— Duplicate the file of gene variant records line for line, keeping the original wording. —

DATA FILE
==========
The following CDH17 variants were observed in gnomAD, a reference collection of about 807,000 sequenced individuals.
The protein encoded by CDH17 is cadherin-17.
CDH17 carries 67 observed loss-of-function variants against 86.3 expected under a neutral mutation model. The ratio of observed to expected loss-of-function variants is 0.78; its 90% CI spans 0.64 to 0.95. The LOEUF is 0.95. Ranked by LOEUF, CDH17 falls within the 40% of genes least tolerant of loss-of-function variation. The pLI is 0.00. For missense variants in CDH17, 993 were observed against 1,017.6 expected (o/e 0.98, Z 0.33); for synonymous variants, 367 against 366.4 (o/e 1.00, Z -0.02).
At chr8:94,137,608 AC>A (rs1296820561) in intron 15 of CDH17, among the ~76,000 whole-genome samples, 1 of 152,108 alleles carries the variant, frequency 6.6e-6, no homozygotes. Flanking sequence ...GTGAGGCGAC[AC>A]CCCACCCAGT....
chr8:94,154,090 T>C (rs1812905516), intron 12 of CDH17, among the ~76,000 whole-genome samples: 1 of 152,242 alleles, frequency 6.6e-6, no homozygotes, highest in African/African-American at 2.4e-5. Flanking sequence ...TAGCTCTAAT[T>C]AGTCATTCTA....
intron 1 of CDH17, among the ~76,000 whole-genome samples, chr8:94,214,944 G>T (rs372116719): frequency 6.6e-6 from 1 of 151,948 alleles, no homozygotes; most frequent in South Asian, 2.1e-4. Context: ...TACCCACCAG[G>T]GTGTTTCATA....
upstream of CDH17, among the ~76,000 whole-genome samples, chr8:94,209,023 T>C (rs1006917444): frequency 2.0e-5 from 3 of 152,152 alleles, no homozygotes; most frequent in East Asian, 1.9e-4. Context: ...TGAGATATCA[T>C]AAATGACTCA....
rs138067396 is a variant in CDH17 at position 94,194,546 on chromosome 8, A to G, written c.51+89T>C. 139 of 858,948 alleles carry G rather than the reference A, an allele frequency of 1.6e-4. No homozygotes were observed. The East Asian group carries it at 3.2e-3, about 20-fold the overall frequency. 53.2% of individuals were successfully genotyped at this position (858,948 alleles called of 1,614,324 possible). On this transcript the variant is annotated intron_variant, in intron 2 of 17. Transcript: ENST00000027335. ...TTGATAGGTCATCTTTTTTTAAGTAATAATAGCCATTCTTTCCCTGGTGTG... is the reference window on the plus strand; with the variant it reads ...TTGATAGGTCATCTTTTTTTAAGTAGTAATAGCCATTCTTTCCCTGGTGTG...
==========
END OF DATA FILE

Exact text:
The following CDH17 variants were observed in gnomAD, a reference collection of about 807,000 sequenced individuals.
The protein encoded by CDH17 is cadherin-17.
CDH17 carries 67 observed loss-of-function variants against 86.3 expected under a neutral mutation model. The ratio of observed to expected loss-of-function variants is 0.78; its 90% CI spans 0.64 to 0.95. The LOEUF is 0.95. Ranked by LOEUF, CDH17 falls within the 40% of genes least tolerant of loss-of-function variation. The pLI is 0.00. For missense variants in CDH17, 993 were observed against 1,017.6 expected (o/e 0.98, Z 0.33); for synonymous variants, 367 against 366.4 (o/e 1.00, Z -0.02).
At chr8:94,137,608 AC>A (rs1296820561) in intron 15 of CDH17, among the ~76,000 whole-genome samples, 1 of 152,108 alleles carries the variant, frequency 6.6e-6, no homozygotes. Flanking sequence ...GTGAGGCGAC[AC>A]CCCACCCAGT....
chr8:94,154,090 T>C (rs1812905516), intron 12 of CDH17, among the ~76,000 whole-genome samples: 1 of 152,242 alleles, frequency 6.6e-6, no homozygotes, highest in African/African-American at 2.4e-5. Flanking sequence ...TAGCTCTAAT[T>C]AGTCATTCTA....
intron 1 of CDH17, among the ~76,000 whole-genome samples, chr8:94,214,944 G>T (rs372116719): frequency 6.6e-6 from 1 of 151,948 alleles, no homozygotes; most frequent in South Asian, 2.1e-4. Context: ...TACCCACCAG[G>T]GTGTTTCATA....
upstream of CDH17, among the ~76,000 whole-genome samples, chr8:94,209,023 T>C (rs1006917444): frequency 2.0e-5 from 3 of 152,152 alleles, no homozygotes; most frequent in East Asian, 1.9e-4. Context: ...TGAGATATCA[T>C]AAATGACTCA....
rs138067396 is a variant in CDH17 at position 94,194,546 on chromosome 8, A to G, written c.51+89T>C. 139 of 858,948 alleles carry G rather than the reference A, an allele frequency of 1.6e-4. No homozygotes were observed. The East Asian group carries it at 3.2e-3, about 20-fold the overall frequency. 53.2% of individuals were successfully genotyped at this position (858,948 alleles called of 1,614,324 possible). On this transcript the variant is annotated intron_variant, in intron 2 of 17. Transcript: ENST00000027335. ...TTGATAGGTCATCTTTTTTTAAGTAATAATAGCCATTCTTTCCCTGGTGTG... is the reference window on the plus strand; with the variant it reads ...TTGATAGGTCATCTTTTTTTAAGTAGTAATAGCCATTCTTTCCCTGGTGTG...